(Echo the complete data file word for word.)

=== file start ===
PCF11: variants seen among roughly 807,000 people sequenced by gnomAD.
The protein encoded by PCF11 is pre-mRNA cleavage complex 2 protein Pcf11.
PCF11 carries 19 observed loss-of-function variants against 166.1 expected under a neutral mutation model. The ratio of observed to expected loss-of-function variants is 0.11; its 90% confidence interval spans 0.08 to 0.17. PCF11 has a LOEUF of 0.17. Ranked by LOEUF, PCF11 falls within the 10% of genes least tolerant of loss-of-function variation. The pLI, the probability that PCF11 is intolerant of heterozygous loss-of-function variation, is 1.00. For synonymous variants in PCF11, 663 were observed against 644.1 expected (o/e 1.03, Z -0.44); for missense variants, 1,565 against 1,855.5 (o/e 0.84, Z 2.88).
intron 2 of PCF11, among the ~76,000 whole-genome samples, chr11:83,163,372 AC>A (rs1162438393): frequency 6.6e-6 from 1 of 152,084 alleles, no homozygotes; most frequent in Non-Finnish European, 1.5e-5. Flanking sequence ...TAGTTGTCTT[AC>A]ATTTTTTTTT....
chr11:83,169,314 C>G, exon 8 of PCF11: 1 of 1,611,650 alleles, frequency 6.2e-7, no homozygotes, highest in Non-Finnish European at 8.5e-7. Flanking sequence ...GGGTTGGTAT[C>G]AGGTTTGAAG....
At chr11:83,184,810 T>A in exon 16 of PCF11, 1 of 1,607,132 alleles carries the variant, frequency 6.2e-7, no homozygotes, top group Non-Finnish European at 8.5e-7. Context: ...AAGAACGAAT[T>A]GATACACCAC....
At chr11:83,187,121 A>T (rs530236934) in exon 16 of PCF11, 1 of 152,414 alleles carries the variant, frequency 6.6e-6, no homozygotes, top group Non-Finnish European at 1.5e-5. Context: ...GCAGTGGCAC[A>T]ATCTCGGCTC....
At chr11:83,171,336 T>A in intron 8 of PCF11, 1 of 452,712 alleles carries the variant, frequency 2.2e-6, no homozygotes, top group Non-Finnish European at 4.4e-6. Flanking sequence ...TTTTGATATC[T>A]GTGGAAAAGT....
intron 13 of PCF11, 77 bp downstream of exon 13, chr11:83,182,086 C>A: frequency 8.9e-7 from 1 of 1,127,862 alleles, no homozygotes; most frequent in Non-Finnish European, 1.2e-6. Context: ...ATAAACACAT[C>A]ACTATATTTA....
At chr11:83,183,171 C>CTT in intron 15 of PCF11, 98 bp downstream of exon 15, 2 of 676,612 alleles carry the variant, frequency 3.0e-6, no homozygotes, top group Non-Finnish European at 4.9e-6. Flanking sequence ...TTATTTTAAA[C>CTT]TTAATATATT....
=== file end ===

PCF11: variants seen among roughly 807,000 people sequenced by gnomAD.
The protein encoded by PCF11 is pre-mRNA cleavage complex 2 protein Pcf11.
PCF11 carries 19 observed loss-of-function variants against 166.1 expected under a neutral mutation model. The ratio of observed to expected loss-of-function variants is 0.11; its 90% confidence interval spans 0.08 to 0.17. PCF11 has a LOEUF of 0.17. Ranked by LOEUF, PCF11 falls within the 10% of genes least tolerant of loss-of-function variation. The pLI, the probability that PCF11 is intolerant of heterozygous loss-of-function variation, is 1.00. For synonymous variants in PCF11, 663 were observed against 644.1 expected (o/e 1.03, Z -0.44); for missense variants, 1,565 against 1,855.5 (o/e 0.84, Z 2.88).
intron 2 of PCF11, among the ~76,000 whole-genome samples, chr11:83,163,372 AC>A (rs1162438393): frequency 6.6e-6 from 1 of 152,084 alleles, no homozygotes; most frequent in Non-Finnish European, 1.5e-5. Flanking sequence ...TAGTTGTCTT[AC>A]ATTTTTTTTT....
chr11:83,169,314 C>G, exon 8 of PCF11: 1 of 1,611,650 alleles, frequency 6.2e-7, no homozygotes, highest in Non-Finnish European at 8.5e-7. Flanking sequence ...GGGTTGGTAT[C>G]AGGTTTGAAG....
At chr11:83,184,810 T>A in exon 16 of PCF11, 1 of 1,607,132 alleles carries the variant, frequency 6.2e-7, no homozygotes, top group Non-Finnish European at 8.5e-7. Context: ...AAGAACGAAT[T>A]GATACACCAC....
At chr11:83,187,121 A>T (rs530236934) in exon 16 of PCF11, 1 of 152,414 alleles carries the variant, frequency 6.6e-6, no homozygotes, top group Non-Finnish European at 1.5e-5. Context: ...GCAGTGGCAC[A>T]ATCTCGGCTC....
At chr11:83,171,336 T>A in intron 8 of PCF11, 1 of 452,712 alleles carries the variant, frequency 2.2e-6, no homozygotes, top group Non-Finnish European at 4.4e-6. Flanking sequence ...TTTTGATATC[T>A]GTGGAAAAGT....
intron 13 of PCF11, 77 bp downstream of exon 13, chr11:83,182,086 C>A: frequency 8.9e-7 from 1 of 1,127,862 alleles, no homozygotes; most frequent in Non-Finnish European, 1.2e-6. Context: ...ATAAACACAT[C>A]ACTATATTTA....
At chr11:83,183,171 C>CTT in intron 15 of PCF11, 98 bp downstream of exon 15, 2 of 676,612 alleles carry the variant, frequency 3.0e-6, no homozygotes, top group Non-Finnish European at 4.9e-6. Flanking sequence ...TTATTTTAAA[C>CTT]TTAATATATT....